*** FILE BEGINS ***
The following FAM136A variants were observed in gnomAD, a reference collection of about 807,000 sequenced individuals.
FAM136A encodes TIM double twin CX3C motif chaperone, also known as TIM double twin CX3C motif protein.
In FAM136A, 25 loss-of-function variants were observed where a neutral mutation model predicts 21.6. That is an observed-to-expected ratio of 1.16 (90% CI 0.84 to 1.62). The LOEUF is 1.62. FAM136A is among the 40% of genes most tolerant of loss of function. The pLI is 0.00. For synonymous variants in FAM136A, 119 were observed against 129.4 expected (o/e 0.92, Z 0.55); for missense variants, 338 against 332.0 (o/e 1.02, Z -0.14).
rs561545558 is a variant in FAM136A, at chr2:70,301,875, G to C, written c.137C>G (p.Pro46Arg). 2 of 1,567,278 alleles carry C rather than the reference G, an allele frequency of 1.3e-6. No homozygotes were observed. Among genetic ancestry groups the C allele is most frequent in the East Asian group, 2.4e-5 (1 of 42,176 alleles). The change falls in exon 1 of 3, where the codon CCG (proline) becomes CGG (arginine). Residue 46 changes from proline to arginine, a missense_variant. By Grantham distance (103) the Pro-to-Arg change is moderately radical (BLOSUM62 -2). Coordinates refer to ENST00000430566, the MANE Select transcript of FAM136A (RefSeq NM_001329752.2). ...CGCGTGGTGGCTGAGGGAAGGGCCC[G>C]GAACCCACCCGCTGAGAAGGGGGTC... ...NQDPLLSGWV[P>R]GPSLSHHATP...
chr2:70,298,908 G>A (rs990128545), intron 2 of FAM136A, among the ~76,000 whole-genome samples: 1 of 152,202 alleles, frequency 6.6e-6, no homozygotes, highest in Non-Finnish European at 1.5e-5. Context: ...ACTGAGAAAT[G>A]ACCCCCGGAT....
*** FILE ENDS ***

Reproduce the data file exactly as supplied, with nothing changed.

The following FAM136A variants were observed in gnomAD, a reference collection of about 807,000 sequenced individuals.
FAM136A encodes TIM double twin CX3C motif chaperone, also known as TIM double twin CX3C motif protein.
In FAM136A, 25 loss-of-function variants were observed where a neutral mutation model predicts 21.6. That is an observed-to-expected ratio of 1.16 (90% CI 0.84 to 1.62). The LOEUF is 1.62. FAM136A is among the 40% of genes most tolerant of loss of function. The pLI is 0.00. For synonymous variants in FAM136A, 119 were observed against 129.4 expected (o/e 0.92, Z 0.55); for missense variants, 338 against 332.0 (o/e 1.02, Z -0.14).
rs561545558 is a variant in FAM136A, at chr2:70,301,875, G to C, written c.137C>G (p.Pro46Arg). 2 of 1,567,278 alleles carry C rather than the reference G, an allele frequency of 1.3e-6. No homozygotes were observed. Among genetic ancestry groups the C allele is most frequent in the East Asian group, 2.4e-5 (1 of 42,176 alleles). The change falls in exon 1 of 3, where the codon CCG (proline) becomes CGG (arginine). Residue 46 changes from proline to arginine, a missense_variant. By Grantham distance (103) the Pro-to-Arg change is moderately radical (BLOSUM62 -2). Coordinates refer to ENST00000430566, the MANE Select transcript of FAM136A (RefSeq NM_001329752.2). ...CGCGTGGTGGCTGAGGGAAGGGCCC[G>C]GAACCCACCCGCTGAGAAGGGGGTC... ...NQDPLLSGWV[P>R]GPSLSHHATP...
chr2:70,298,908 G>A (rs990128545), intron 2 of FAM136A, among the ~76,000 whole-genome samples: 1 of 152,202 alleles, frequency 6.6e-6, no homozygotes, highest in Non-Finnish European at 1.5e-5. Context: ...ACTGAGAAAT[G>A]ACCCCCGGAT....